Most treadmills allow you to adjust the incline. This can increase the efficiency of your run by making you move uphill. Most experts agree that a one to two percent incline helps to make a treadmill workout more comparable to an outdoor one. However, some people use too steep of an incline when exercising. Using a large incline poses several potential problems. First, you run the risk of falling off the treadmill if the speed is too high. Second, you are putting dangerous pressure on your back and knees each time you increase the incline, which is not the goal of your run.

You are better off using a modest incline and a slightly faster speed to get the most out of your run. If you do wish to add hill work to your routine, I typically recommend not going above five percent and not going for more than five minutes at a time. You should avoid running at a steep incline for more than five minutes. You’ll get a much better, safer workout if you switch between running a couple of minutes with an incline and running a couple of minutes without an incline. To mix things up, you might want to try doing shorter hill intervals, like 30 or 60 seconds. This will make your runs more interesting, preventing boredom.

6. Exceeding your optimal heart rate
Most treadmills come with tools to measure your heart rate. This is something you should take advantage of when running. To figure out your maximum heart rate, subtract your age from 220. Depending on the style of training you are doing, there are certain heart rate levels you should maintain while running. Even for the most intense training, you should keep your heart rate below 85 percent of the maximum. If you are exceeding that number, you’re putting strain on your heart. Pushing the maximum heart rate won’t help you burn any more calories, and it’s definitely not good for your heart, so don’t risk it.

7. Taking bad strides
Running on a treadmill has a different feel than running on the street or sidewalk. It’s common for people to feel nervous about falling off a treadmill, so they change their running form from the one they typically use when running outside. Wrong! You should be running on the treadmill in the same way you would run outdoors. Try to run with your natural gait; avoid taking short, choppy strides, which can increase your chances of stumbling and injuring yourself.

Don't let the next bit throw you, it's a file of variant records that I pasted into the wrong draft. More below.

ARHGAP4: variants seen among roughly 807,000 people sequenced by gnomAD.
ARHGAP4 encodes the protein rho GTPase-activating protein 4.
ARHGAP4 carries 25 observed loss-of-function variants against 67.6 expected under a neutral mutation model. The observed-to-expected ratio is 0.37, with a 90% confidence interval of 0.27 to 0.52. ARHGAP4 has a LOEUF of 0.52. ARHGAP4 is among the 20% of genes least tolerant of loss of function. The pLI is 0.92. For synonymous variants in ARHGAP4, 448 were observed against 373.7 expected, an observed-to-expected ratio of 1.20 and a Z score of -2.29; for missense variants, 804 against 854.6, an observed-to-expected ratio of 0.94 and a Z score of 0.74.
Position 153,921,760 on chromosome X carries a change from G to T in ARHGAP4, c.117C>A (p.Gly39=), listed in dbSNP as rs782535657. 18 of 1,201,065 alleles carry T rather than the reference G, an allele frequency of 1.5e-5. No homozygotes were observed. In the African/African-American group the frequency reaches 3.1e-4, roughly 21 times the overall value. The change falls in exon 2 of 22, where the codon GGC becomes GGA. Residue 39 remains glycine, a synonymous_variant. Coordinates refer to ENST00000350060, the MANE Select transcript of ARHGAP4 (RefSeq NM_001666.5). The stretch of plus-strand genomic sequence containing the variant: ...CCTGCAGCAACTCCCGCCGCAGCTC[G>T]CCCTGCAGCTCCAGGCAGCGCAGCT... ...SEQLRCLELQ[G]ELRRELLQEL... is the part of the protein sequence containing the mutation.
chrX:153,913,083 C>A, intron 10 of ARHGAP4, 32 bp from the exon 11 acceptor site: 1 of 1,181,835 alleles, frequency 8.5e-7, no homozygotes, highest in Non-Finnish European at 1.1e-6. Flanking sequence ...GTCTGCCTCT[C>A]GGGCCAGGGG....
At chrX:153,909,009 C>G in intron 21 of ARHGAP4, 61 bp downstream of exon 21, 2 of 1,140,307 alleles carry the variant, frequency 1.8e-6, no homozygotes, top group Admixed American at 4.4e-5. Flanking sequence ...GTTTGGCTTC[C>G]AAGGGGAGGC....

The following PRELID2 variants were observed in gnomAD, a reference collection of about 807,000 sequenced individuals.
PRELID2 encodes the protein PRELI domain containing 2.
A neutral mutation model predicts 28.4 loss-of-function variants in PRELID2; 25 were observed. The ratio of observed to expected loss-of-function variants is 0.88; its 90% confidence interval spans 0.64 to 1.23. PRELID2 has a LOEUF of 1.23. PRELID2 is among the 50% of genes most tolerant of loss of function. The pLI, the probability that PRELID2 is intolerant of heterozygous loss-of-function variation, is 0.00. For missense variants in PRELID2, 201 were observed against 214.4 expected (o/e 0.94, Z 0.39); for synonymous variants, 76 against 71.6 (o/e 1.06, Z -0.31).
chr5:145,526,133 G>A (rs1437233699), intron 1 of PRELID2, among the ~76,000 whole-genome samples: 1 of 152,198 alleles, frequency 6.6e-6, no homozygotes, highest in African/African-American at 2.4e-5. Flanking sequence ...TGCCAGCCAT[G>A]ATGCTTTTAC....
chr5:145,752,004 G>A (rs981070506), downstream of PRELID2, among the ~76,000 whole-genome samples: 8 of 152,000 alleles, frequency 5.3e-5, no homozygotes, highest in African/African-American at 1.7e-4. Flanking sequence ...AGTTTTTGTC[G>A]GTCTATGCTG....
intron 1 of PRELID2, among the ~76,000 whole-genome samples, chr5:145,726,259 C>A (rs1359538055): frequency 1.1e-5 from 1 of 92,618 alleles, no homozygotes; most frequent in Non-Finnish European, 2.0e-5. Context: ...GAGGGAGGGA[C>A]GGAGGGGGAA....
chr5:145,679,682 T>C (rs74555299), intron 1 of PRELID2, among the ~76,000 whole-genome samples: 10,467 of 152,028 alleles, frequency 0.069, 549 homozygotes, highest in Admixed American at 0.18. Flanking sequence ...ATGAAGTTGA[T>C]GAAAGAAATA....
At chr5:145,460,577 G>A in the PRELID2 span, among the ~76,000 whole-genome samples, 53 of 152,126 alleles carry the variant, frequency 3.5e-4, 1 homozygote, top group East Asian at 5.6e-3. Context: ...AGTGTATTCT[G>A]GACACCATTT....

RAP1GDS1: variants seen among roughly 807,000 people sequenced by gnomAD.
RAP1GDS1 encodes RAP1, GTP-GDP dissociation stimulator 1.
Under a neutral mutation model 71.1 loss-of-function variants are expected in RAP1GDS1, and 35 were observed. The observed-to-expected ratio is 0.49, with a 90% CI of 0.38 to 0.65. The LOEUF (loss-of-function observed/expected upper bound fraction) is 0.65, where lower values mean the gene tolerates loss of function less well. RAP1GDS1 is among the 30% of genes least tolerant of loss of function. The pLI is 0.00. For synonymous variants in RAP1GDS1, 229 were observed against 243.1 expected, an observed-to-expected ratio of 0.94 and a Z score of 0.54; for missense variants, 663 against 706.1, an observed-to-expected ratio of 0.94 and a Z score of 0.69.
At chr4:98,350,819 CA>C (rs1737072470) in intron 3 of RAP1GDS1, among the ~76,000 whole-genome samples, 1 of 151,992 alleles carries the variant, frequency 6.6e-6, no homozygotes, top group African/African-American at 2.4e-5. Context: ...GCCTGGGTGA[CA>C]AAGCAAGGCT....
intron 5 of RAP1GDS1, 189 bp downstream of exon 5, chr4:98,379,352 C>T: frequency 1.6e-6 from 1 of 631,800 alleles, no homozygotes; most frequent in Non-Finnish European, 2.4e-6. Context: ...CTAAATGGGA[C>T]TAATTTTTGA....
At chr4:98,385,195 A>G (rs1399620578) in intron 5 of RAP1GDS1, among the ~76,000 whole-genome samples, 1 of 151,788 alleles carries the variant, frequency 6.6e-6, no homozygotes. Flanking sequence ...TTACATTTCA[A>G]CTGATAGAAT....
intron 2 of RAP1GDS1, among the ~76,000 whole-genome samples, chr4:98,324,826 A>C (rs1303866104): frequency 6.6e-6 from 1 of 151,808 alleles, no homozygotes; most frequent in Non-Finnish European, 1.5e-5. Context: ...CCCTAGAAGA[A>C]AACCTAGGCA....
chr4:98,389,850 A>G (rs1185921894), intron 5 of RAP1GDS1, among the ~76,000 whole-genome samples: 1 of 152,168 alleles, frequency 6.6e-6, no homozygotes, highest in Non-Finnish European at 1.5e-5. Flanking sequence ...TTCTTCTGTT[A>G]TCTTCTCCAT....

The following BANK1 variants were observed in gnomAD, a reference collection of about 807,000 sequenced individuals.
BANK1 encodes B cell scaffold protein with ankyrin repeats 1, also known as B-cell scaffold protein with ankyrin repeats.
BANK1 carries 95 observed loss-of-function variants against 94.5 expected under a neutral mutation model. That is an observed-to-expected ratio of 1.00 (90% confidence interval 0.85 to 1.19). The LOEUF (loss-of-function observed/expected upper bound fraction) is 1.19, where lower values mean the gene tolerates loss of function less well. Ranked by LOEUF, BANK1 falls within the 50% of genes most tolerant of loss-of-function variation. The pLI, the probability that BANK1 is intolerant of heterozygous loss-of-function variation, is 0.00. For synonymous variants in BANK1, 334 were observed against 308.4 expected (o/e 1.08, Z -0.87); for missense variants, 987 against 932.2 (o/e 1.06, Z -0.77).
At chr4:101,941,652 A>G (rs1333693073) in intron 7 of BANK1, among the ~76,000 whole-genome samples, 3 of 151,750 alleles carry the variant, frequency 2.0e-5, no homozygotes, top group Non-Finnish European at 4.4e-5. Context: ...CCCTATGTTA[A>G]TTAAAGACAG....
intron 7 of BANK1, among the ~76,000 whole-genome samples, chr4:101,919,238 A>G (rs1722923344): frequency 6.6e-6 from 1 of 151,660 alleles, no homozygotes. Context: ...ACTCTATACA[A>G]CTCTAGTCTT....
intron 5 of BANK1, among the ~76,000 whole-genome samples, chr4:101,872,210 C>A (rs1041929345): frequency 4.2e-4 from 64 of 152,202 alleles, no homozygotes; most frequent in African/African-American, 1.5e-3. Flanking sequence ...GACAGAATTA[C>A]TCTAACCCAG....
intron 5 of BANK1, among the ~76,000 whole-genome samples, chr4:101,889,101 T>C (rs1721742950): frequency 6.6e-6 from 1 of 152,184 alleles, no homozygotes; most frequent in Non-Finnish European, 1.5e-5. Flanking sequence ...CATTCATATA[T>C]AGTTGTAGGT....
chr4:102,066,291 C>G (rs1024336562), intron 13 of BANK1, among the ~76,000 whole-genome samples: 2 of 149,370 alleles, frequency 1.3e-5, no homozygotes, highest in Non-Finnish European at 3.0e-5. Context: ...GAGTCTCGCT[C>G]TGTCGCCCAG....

Another common form mistake is overstriding, or landing heel first with your foot well ahead of your body’s center of gravity. Since the treadmill’s belt is moving you forward, overstriding creates a braking force with the belt. To avoid this, keep your feet under your body, not ahead or behind it. When you first start using a treadmill, you should figure out a comfortable and efficient stride. Then, do your best to maintain that stride every time you run. The key is to find the right balance.

8. Adopting bad posture
Anything that throws off your posture, whether it is hunching over to watch your feet or leaning to the left for a better view of the TV or your buddy on the next treadmill, is generally a bad idea. Your neck is pulled to the right or dropped forward and one part of the musculature is getting stretched while another is getting tightened. If your gym is equipped with TV screens, you’re better off in the back row so you don’t have to crane your neck to see the screen. Or better yet, use a treadmill equipped with its own screen.

9. Texting while running
Gym-goers who exercise while constantly checking their cell phones, watching TV or reading the newspaper make trainers nervous. Distractions may help pass the time, but multi-tasking can be dangerous if it throws off your stride or hinders your balance.

Before you get on the treadmill, make sure you have everything you’ll need. This includes water. You want to stay hydrated, and the last thing you want to do is cut your run off in the middle so that you can get water. Most treadmills have pockets where you can put things you might need. And don’t forget to bring a towel in case you perspire.

10. Not acknowledging your limits
You want to push yourself while you run, but not to the point where you lose control. It is important to find a workout that serves you best. If you feel strained, stop running or transition to jogging. Not knowing your limits can lead to a series of aches, pains and injuries. Everything from tendonitis to sore feet can occur if you push yourself too hard.


Dr. Michael Gross, the founder and director of Active Orthopedic and Sports Medicine, is the section chief of sports medicine and the orthopedic director of the Center for Sports Medicine at Hackensack University Medical Center, as well as medical director of Active Center for Health and Wellness.